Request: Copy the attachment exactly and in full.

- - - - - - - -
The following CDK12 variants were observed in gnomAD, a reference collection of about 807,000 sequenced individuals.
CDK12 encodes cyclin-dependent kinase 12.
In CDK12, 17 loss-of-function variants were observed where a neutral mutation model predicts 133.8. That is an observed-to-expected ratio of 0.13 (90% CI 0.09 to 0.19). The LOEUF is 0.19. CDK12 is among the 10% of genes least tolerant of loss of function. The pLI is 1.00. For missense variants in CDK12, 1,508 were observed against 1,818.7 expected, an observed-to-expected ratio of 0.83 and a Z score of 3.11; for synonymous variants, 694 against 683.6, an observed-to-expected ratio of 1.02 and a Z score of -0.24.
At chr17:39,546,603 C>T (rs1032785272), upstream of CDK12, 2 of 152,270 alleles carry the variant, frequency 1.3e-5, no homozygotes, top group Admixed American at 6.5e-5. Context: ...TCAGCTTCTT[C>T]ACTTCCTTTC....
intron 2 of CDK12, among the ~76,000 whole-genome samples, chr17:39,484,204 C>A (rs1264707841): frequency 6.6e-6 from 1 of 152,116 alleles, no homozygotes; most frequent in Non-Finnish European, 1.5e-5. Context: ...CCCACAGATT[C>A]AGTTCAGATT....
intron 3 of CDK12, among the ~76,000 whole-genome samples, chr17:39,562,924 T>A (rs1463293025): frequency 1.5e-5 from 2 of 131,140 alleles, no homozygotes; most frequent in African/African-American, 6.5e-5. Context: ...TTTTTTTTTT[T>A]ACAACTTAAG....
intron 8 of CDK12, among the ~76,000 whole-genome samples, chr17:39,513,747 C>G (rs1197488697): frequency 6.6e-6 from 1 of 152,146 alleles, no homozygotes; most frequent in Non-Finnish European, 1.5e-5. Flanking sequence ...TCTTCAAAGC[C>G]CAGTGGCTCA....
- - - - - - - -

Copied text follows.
The following CDK12 variants were observed in gnomAD, a reference collection of about 807,000 sequenced individuals.
CDK12 encodes cyclin-dependent kinase 12.
In CDK12, 17 loss-of-function variants were observed where a neutral mutation model predicts 133.8. That is an observed-to-expected ratio of 0.13 (90% CI 0.09 to 0.19). The LOEUF is 0.19. CDK12 is among the 10% of genes least tolerant of loss of function. The pLI is 1.00. For missense variants in CDK12, 1,508 were observed against 1,818.7 expected, an observed-to-expected ratio of 0.83 and a Z score of 3.11; for synonymous variants, 694 against 683.6, an observed-to-expected ratio of 1.02 and a Z score of -0.24.
At chr17:39,546,603 C>T (rs1032785272), upstream of CDK12, 2 of 152,270 alleles carry the variant, frequency 1.3e-5, no homozygotes, top group Admixed American at 6.5e-5. Context: ...TCAGCTTCTT[C>T]ACTTCCTTTC....
intron 2 of CDK12, among the ~76,000 whole-genome samples, chr17:39,484,204 C>A (rs1264707841): frequency 6.6e-6 from 1 of 152,116 alleles, no homozygotes; most frequent in Non-Finnish European, 1.5e-5. Context: ...CCCACAGATT[C>A]AGTTCAGATT....
intron 3 of CDK12, among the ~76,000 whole-genome samples, chr17:39,562,924 T>A (rs1463293025): frequency 1.5e-5 from 2 of 131,140 alleles, no homozygotes; most frequent in African/African-American, 6.5e-5. Context: ...TTTTTTTTTT[T>A]ACAACTTAAG....
intron 8 of CDK12, among the ~76,000 whole-genome samples, chr17:39,513,747 C>G (rs1197488697): frequency 6.6e-6 from 1 of 152,146 alleles, no homozygotes; most frequent in Non-Finnish European, 1.5e-5. Flanking sequence ...TCTTCAAAGC[C>G]CAGTGGCTCA....